MORE than any generation in the history of humankind, young people today live in a globalized and still globalizing world.
It is an understatement to say that globalization affects the youth. The integration of societies and economies on a global scale has a huge impact on the many aspects of the lives, culture and even aspirations of young people. Again, this is much a reality today more than any time before.
As early as 2005, the United Nations (UN) World Youth Report described the relationship of the youth with the globalizing world as ambiguous both economically and culturally. The report points out that the youth are most flexible and perhaps best able to adapt to and make use of new opportunities offered. They are the best educated generation on new information technologies and to benefit from economic growth. Many of them travel around the world for work, studies, exchange programs or vacation; telephone and the Internet enable them to stay in touch with friends and relatives from home and abroad.
The UN also recognized the adverse effects of globalization on young people. The report explains that many youth, on the other hand, especially in developing countries, have been left out of the digitalization and modernization process and lack the economic power to benefit from the opportunities that globalization offers.
Among the many effects of globalization on the lives of young people, the UN identified four areas that are profoundly affected by this modern phenomenon. These are the distribution of employment opportunities, migration, youth culture and consumerism, and global citizenship and activism.
Globalization has indeed made the already complicated lives of young people more complicated.
Exchange and Cooperation
This week, the country plays host to heads of states, senior officials, business leaders and civil society from the 21 member economies of the Asia-Pacific Economic Cooperation (APEC). This meeting in Manila puts in center of discussions the challenge of reframing economic development by making economies more inclusive.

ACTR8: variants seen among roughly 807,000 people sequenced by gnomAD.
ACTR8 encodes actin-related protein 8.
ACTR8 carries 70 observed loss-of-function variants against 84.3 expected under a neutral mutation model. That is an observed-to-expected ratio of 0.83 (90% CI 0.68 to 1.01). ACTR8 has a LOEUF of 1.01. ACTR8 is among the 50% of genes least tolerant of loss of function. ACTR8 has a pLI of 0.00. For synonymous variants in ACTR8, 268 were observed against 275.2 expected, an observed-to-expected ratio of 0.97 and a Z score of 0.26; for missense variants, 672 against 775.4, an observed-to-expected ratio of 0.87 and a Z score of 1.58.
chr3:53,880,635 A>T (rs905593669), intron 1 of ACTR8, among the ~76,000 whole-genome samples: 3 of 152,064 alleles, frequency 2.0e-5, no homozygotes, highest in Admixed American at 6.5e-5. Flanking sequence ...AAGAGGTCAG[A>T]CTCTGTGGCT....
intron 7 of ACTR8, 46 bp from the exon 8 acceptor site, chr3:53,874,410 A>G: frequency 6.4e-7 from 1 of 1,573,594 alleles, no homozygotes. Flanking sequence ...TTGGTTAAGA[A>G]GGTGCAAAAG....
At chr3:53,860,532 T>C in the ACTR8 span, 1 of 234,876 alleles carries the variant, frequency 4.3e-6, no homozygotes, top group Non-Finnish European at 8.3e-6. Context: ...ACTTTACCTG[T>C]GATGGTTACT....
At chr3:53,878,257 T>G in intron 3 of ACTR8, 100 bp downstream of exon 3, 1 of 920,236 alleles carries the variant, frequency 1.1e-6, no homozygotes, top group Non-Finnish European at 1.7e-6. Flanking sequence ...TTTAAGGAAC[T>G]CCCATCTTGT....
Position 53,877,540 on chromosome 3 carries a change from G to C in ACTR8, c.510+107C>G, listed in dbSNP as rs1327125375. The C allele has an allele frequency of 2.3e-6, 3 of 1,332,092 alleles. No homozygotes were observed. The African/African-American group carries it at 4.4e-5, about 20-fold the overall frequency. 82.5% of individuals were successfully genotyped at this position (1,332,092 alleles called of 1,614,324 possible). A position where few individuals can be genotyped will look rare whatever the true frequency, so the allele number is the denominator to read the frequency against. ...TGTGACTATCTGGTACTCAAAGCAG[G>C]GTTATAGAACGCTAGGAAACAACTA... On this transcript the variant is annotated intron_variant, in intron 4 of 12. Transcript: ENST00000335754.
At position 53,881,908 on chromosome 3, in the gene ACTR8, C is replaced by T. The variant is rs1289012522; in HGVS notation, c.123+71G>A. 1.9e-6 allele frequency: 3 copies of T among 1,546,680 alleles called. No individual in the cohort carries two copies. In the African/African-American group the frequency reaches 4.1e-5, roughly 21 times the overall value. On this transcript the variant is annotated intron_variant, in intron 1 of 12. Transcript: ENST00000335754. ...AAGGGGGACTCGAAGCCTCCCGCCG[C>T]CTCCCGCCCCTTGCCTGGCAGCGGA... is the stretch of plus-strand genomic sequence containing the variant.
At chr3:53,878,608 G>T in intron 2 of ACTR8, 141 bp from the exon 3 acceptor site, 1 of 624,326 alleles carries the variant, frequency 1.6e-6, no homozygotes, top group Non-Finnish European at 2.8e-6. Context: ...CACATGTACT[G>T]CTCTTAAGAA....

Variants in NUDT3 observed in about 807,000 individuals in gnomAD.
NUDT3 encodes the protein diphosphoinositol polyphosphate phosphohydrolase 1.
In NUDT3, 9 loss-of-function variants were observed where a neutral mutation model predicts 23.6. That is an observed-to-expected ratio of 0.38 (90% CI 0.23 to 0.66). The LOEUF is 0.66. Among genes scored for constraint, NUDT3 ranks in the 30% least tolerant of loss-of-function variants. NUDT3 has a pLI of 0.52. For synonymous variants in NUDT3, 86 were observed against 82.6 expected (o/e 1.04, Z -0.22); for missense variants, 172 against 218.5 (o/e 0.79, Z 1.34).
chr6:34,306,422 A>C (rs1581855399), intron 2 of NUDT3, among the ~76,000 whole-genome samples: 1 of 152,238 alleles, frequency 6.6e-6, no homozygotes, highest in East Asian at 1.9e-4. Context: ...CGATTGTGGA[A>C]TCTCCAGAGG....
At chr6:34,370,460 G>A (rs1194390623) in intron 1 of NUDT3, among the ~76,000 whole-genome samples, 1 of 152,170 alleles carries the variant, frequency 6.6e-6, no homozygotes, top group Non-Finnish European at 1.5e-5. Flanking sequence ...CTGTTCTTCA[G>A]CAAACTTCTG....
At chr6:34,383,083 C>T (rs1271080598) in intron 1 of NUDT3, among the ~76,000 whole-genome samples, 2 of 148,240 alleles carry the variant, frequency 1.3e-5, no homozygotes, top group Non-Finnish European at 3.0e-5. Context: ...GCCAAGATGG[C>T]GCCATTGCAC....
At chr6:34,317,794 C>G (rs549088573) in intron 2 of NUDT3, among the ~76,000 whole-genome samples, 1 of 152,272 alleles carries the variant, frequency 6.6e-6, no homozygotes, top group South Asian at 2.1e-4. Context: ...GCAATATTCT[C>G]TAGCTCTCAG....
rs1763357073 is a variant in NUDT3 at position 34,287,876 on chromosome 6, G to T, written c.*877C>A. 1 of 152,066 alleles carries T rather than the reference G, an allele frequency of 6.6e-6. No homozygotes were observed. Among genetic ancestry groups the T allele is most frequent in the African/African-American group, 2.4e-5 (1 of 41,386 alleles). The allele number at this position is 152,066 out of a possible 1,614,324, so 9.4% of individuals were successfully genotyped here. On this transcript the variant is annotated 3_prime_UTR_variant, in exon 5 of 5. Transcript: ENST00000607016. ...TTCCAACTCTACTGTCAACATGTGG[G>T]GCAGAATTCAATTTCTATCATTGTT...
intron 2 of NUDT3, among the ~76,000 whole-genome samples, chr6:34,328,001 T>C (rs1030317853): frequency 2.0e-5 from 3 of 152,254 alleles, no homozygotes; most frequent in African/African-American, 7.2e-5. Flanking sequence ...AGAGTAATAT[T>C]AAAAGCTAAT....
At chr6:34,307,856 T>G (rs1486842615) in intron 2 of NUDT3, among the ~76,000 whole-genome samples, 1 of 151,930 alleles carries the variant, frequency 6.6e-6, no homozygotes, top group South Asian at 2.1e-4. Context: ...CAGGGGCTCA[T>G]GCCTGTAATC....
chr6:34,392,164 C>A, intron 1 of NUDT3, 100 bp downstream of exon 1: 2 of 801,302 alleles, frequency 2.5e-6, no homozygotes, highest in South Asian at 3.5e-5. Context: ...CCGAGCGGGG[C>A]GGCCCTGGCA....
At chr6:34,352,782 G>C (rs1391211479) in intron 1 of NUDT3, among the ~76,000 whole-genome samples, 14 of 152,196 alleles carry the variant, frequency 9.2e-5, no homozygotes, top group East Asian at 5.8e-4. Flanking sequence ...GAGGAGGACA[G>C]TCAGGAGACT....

The National Youth Commission expresses its gratitude to all the young people who volunteered for the various APEC events. The agency dispatched more than 200 youth volunteers.
Before APEC Philippines 2015 week, the country hosted youth ambassadors from the region. The ship Nippon Maru arrived in Manila last week carrying the 350 delegates participating in the 42nd Ship for South East Asia and Japan Youth Program (SSEAYP). The Philippine country program featured cultural exchanges, institutional visits, and home-stay integration where Filipino families hosted foreign delegates for two days.
SSEAYP is not only about making young people drivers of integration and fostering a sense of community in the region. It is also about developing future leaders in various fields with this enriching experience.
The young people of the Cordillera Administrative Region is represented in the 42nd SSEAYP by Ms. Frances Paleng and Mr. Muller Bato.
The essence of the program was captured quite succinctly by Senator Bam Aquino when he quoted the author Mark Twain in his speech during the welcome ceremonies. "Travel is fatal to prejudice bigotry and narrow-mindedness . . . Broad, wholesome and charitable views of men and things cannot be acquired by vegetating in one little corner of the earth all one's lifetime."
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